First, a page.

For those who aren’t quite clear on it, the prevailing science is this: fat fit people are as healthy as normal-weight fit people, on average; by far the greatest risk factor for heart disease/tII diabetes is genetics; it is a rare anti-obesity study that is *not* backed by a self-interested Pharma company, or power-player orgs like the RWJF; starving a fat child thin will *not* make him eternally healthful and youthful and will in fact likely make him shorter and stupider as well as thinner; the causal relationship between human adipose tissue and any of its so-called comorbities has not been established over nearly 100 years of obesity studies; significant weight loss is impossible to maintain for virtually all people; the correlation between weight loss and increasing health has not been extricated from the correlation between greater fitness and increasing health, or the temporary effects of weight loss itself; every since the creation of the childhood obesity epidemic, the prevalence of childhood eating disorders has soared, and keeps rising even as average weight gain is plateauing; a certain amount of fat is needed for proper brain/gallbladder functioning, and low-fat diets put these organs in danger; there’s a strong correlation between crash dieting/WLS and gallbladder problems, anemia, nutritional deficiences, as well as a whole other host of serious health issues which pale in comparison to most fat-related comorbities, including ED/WLS-related death; WLS and other similar stomach-reshaping/mutilating procedures are for many just forced bulimia; diet foods themselves are not necessarily “healthy,” and the idea of a human being living on no-fat veggies and empty fiber is nutritionally absurd (vegetarian/vegans/raw foodists need fats and proteins in their diets from “bad” foods like bean-types and nuts, and do not live on leafy greens and wheat germ alone), though these are food which are categorized as “healthy” to children, all other foods being lumped into the “bad” category upon which are imposed various levels of “moderation” and restriction; …. ad nauseam. REFERENCES: Search the Junkfood Science website for links to the proper articles, they’re all there.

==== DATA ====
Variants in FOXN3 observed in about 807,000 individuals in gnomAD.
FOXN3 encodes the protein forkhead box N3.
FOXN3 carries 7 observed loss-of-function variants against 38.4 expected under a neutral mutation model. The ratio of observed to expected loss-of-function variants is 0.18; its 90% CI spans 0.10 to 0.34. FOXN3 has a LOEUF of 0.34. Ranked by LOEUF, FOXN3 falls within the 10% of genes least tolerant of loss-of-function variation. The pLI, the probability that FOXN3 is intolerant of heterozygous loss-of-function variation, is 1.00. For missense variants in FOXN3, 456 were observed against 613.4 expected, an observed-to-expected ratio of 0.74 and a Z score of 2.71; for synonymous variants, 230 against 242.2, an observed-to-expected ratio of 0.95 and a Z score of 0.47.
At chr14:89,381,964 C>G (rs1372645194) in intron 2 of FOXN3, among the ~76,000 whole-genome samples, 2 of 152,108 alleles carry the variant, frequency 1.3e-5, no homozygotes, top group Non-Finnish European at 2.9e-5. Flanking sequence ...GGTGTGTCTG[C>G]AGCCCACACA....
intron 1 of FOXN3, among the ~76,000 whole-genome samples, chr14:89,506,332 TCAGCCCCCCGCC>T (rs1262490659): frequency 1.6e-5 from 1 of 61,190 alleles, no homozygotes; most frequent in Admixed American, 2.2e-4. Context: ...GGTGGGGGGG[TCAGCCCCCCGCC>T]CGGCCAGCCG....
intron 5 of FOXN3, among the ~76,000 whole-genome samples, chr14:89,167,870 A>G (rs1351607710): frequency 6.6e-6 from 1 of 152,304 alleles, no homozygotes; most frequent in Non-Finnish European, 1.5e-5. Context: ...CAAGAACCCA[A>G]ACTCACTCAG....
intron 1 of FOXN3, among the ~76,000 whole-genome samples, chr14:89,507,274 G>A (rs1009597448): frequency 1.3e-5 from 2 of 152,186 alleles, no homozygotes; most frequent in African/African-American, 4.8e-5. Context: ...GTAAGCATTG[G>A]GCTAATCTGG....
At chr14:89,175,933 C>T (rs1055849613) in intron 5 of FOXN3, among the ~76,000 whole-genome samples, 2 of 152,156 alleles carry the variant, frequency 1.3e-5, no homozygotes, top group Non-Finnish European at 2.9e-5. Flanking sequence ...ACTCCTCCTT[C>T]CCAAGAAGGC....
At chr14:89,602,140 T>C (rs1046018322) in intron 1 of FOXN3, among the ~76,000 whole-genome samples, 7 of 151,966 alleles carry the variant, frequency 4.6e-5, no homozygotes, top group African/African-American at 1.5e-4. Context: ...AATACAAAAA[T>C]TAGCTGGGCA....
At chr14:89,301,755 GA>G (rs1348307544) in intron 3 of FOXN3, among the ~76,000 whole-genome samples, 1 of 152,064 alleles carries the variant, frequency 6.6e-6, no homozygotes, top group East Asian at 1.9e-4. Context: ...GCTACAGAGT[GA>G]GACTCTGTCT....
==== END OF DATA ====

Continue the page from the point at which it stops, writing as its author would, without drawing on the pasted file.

Considering what we know about the science, the deep hypocrisy of the Fat NIMBY Argument becomes painfully apparent. Dieting for long-term weight loss is virtually impossible and can lead to serious physical and mental health problems: so the “I need to be a size healthier, though I won’t discriminate against you because you’re fat” means you do not accept that fat is not a choice for virtually all people, and you feed into the corrupt diet industry’s mantras and likely also feed their bloated coffers. And that is not fat acceptance, nor is it, in the long-term, good for the fat rights movement as a whole.